Page(s): 1946 - 1952
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    Level Division Multiplexing (LDM) is a technique suitable for the addition of supplementary information within multilevel digital transmissions using either amplitude modulation or frequency modulation. Its principle of operation is based on the addition of a supplementary modulation area outside that normally provided for, which does not produce any worsening of the transmission quality of the main information signal. The supplementary information can be added without identifying the frame of the main information signal, but simply by arranging the supplementary information in a frame of its own, which is completely independent of the frame of the main information signal. An example of application (the addition of 4 service channels within the DSA2 system) shows that the LDM technique is particularly suitable for the addition of service channels in PAM/FM digital microwave radio links. View full abstract»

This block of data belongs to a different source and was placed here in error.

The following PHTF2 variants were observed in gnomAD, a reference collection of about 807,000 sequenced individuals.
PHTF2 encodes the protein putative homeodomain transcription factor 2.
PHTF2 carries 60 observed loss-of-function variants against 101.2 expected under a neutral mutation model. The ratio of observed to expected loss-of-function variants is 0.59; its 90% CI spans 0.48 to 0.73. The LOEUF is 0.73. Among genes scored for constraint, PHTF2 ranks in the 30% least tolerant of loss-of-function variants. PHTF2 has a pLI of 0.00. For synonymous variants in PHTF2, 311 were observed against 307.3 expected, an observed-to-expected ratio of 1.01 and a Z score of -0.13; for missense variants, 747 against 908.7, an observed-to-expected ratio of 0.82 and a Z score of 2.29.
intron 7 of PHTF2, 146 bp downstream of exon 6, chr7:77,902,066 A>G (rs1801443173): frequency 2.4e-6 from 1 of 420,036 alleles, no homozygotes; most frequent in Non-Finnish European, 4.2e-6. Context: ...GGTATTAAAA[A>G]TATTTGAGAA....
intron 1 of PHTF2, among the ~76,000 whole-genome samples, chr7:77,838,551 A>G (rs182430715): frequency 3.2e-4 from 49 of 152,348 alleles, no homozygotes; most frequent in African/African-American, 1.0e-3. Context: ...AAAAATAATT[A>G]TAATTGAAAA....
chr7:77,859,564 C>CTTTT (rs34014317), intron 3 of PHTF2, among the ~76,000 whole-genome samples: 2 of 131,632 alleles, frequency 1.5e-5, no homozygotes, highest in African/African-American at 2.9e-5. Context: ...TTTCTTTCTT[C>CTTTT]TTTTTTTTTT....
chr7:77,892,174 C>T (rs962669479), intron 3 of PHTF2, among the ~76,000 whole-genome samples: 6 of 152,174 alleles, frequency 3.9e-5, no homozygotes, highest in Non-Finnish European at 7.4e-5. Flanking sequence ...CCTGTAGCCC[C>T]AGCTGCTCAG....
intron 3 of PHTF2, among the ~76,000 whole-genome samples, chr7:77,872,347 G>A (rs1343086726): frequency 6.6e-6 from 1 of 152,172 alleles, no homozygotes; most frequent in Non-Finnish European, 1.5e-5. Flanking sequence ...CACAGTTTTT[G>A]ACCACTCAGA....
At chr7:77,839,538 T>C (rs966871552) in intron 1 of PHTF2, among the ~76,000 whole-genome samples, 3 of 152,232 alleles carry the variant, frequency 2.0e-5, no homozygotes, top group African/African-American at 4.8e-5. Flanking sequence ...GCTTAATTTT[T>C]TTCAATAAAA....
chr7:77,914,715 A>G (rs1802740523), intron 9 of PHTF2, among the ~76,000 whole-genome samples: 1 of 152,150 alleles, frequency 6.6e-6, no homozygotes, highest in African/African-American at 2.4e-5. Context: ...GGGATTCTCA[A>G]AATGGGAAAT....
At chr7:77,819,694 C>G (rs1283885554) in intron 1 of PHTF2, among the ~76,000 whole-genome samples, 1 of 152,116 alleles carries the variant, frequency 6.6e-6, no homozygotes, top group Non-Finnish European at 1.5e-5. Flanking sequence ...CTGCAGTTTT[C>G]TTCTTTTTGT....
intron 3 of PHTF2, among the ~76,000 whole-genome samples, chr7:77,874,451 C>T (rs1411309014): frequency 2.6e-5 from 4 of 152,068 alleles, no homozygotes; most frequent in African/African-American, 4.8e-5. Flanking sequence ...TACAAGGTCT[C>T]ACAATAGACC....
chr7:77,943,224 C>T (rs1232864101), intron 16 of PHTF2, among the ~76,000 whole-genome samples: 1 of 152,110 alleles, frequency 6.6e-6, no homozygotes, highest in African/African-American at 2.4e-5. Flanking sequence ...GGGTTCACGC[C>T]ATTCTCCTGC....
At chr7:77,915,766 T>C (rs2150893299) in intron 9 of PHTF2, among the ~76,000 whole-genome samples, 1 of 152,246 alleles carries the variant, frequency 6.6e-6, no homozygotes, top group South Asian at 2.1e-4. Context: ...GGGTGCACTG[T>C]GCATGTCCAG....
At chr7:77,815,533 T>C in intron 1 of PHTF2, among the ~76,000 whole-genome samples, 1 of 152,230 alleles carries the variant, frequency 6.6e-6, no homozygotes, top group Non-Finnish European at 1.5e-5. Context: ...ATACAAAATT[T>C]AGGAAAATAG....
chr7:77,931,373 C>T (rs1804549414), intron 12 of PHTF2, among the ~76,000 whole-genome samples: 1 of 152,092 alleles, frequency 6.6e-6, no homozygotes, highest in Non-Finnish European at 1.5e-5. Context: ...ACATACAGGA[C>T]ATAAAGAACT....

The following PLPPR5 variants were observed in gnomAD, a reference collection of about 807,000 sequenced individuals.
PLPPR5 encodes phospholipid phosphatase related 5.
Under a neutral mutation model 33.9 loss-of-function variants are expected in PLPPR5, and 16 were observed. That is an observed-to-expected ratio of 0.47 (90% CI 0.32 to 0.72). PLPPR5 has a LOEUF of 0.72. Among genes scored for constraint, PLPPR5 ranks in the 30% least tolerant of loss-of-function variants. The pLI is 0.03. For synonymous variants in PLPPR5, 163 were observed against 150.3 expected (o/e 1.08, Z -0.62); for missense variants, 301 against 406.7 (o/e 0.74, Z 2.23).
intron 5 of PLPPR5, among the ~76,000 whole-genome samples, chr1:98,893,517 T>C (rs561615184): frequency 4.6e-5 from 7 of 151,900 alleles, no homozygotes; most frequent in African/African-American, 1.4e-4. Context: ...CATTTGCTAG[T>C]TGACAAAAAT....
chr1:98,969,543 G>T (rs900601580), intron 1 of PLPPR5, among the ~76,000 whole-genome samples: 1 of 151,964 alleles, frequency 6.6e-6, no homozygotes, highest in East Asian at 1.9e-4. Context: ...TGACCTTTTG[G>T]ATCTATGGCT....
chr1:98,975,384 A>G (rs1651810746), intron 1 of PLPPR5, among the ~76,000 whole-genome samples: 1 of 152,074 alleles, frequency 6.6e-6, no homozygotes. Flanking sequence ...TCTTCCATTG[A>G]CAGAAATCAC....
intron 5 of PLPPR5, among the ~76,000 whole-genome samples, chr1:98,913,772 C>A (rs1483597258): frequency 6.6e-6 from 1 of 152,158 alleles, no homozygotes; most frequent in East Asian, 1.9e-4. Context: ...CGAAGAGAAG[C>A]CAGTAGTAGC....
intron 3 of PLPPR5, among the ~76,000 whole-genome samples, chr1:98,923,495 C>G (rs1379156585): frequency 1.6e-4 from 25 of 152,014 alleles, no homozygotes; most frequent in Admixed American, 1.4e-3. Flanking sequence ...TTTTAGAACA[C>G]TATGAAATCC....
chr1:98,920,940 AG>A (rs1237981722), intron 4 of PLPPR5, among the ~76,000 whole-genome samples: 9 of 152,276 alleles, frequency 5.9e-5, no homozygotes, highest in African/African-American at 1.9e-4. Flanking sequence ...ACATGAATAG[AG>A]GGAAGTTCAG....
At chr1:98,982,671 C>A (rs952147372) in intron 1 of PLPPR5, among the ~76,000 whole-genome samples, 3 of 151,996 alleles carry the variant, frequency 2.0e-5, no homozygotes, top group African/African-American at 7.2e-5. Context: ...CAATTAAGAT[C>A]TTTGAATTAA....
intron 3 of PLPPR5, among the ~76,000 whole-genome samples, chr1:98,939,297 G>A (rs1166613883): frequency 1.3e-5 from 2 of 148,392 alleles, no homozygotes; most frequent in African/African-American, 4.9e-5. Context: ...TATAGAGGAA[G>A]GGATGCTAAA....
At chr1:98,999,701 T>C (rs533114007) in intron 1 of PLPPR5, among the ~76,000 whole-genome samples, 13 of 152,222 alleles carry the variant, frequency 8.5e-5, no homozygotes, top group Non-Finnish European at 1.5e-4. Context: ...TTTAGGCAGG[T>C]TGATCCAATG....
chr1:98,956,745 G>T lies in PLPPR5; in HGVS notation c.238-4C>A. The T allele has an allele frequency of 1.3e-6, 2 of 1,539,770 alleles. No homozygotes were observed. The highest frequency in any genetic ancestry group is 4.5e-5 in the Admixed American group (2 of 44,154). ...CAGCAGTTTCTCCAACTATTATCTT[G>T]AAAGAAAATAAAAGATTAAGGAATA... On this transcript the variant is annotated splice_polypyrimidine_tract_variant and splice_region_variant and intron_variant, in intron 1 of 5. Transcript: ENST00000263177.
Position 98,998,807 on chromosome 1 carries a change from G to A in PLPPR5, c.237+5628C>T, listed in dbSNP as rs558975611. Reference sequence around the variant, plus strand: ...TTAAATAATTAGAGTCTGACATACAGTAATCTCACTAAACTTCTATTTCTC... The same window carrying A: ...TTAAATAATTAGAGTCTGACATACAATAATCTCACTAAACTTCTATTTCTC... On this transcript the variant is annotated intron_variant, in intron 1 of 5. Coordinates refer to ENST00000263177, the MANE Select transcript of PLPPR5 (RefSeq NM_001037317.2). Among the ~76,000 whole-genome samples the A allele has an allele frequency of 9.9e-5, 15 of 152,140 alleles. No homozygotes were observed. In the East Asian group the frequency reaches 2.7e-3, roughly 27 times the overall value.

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  • Error Rate of QPRS Evaluated in Amplitude-Phase Space

    Page(s): 1802 - 1805
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    A method for evaluating the character error rate for QPRS in the signal space using the classical Bayes hypothesis-testing technique is presented. Since the decision regions are rectangular, analytical expressions for the error rates can be found. This method may be extended to account for the effect of carrier tracking error and, in principle, phase jitter. View full abstract»

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  • Group Delay Estimation with Wideband Signals

    Page(s): 1908 - 1910